Wave of the future: BT's wireless buoys could predict tsunamis
Research with the relatively modest aim of measuring Norfolk coastal erosion has led to a potentially ground-breaking discovery – the ability to predict tsunamis.The potentially massive discovery was made during the course of a DTI-sponsored research project, led by BT’s pervasive ICT research centre at Adastral Park in Ipswich and involving an oceanographer from the University of East Anglia.
A network of floating devices uses wireless technology to monitor seabed movement in real-time and send the data back to a control centre.
Unlike much of the current technology used to measure factors such as wave height and length, the devices are relatively cheap to produce and run.
This means larger numbers of them could be used to monitor an area – giving much greater detail and accuracy. And BT has developed the first successful communication between these kinds of devices out at sea.
BT has not yet held detailed discussions with relevant environmental agencies about the technology's potential.
Jane Tateson, a senior researcher at BT, explained: “The devices measure water pressure, which gives an indication of wave height and length, which can warn you if there is a tsunami wave.
“Sensor devices used to monitor tsunamis are generally on the seabed meaning a team of specialist divers is needed to work on them.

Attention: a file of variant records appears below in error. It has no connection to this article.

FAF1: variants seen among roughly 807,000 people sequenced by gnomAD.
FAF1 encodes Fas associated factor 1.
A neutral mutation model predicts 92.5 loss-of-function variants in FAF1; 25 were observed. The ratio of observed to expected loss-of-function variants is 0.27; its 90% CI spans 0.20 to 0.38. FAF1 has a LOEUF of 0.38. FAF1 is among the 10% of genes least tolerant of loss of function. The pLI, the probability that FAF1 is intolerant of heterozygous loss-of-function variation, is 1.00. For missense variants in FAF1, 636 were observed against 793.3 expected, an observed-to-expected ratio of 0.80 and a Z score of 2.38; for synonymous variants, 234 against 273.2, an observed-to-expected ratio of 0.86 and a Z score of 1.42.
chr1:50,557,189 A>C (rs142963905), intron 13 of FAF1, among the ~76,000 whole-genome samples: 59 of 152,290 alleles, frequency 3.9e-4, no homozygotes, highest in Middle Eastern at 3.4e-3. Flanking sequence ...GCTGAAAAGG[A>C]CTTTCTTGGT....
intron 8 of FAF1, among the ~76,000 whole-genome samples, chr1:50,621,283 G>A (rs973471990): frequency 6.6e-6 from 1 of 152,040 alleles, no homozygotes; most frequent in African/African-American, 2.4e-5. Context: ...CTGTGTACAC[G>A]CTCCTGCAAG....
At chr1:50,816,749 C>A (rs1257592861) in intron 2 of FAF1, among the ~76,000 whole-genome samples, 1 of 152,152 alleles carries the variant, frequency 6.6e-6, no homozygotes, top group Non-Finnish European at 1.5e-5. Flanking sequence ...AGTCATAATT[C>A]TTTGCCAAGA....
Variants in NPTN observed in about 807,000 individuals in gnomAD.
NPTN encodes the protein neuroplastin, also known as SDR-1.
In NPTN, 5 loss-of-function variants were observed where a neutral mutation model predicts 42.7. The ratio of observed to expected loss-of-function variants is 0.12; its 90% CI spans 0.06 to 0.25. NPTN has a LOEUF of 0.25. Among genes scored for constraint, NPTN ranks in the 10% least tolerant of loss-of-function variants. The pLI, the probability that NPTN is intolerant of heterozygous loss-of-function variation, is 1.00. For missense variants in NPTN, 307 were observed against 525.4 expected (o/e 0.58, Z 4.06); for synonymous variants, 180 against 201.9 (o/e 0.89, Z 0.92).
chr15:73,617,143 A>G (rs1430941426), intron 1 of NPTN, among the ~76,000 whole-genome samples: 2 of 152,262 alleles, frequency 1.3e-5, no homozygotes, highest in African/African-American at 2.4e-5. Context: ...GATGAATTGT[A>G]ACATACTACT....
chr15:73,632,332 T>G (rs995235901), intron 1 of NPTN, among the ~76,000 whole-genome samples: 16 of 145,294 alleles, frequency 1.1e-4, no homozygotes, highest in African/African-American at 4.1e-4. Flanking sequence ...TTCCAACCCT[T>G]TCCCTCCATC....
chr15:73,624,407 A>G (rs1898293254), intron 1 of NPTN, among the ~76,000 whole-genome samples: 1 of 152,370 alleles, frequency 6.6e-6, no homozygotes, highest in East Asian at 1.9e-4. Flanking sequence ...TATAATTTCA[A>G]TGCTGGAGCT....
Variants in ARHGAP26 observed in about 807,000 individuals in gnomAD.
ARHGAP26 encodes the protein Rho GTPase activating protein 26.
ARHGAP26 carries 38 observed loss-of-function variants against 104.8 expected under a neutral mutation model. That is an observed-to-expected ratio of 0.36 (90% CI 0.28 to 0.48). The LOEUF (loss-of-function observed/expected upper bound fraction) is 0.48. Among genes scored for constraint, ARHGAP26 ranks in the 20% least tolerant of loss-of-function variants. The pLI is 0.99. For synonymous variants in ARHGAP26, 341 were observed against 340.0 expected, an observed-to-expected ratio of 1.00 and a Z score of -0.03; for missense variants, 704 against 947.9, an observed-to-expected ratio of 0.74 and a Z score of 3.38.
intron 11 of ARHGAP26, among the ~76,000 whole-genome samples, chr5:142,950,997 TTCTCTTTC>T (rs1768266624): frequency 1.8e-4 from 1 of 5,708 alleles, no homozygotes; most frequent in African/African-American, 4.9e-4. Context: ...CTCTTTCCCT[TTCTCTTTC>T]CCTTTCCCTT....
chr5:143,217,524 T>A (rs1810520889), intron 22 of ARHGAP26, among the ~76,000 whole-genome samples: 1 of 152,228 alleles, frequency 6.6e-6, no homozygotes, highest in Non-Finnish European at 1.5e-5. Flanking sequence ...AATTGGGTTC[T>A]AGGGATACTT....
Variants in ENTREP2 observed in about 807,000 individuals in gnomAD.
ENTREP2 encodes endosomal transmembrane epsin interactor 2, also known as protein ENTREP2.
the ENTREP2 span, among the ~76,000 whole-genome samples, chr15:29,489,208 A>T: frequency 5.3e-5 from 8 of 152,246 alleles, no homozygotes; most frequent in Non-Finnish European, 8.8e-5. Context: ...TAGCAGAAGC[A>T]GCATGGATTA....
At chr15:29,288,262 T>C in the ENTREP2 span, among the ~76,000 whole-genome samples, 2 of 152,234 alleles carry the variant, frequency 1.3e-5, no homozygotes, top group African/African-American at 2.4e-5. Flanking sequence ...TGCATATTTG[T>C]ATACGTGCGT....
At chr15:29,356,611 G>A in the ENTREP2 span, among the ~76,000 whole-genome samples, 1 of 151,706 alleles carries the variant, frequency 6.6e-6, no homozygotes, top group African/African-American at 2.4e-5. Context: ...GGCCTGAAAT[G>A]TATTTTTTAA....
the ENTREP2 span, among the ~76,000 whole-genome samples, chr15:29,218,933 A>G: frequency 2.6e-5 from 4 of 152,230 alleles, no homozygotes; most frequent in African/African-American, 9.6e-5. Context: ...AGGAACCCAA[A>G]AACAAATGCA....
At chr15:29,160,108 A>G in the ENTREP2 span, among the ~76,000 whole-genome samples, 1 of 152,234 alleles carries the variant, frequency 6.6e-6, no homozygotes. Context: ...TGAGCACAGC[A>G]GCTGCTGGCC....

“We discovered that radio communication between buoys alone can give detailed information about sea state.
“This means that we now have the technology to develop even simpler devices to characterise processes in the sea.
“Devices with only a floating component are particularly desirable as they become much cheaper and easier to maintain.”
As well as measuring wave height and length, the devices also measure temperature, current speed and direction, salt levels and sediment concentration, using radio signals to talk to each other.
Working with an oceanographer from UEA and the DTI, the team from BT was looking at how sensors can work together in a pervasive computing environment.
The floating sensor devices were deployed off the coast at Scroby Sands in Norfolk to monitor the movement of sand.
Tateson said: “Typically, oceanographic equipment costs tens of thousands of pounds.
“The idea was that if we could develop sensors which were much cheaper, we could use many more of them to get a much more detailed view of the area. You can then build up a picture of activity to help you predict what is likely to happen in the future.
“This could help local authorities with flood prediction and flood defence planning.
“BT is developing ubiquitous computing based around small low-powered devices. Although each device is simple and cheap, collectively they create autonomous, adaptive, always-available technology to enhance people’s lives and work.
“We are working with top universities to create solutions in the areas of environmental monitoring, telecare and infrastructure integrity assurance, amongst others.”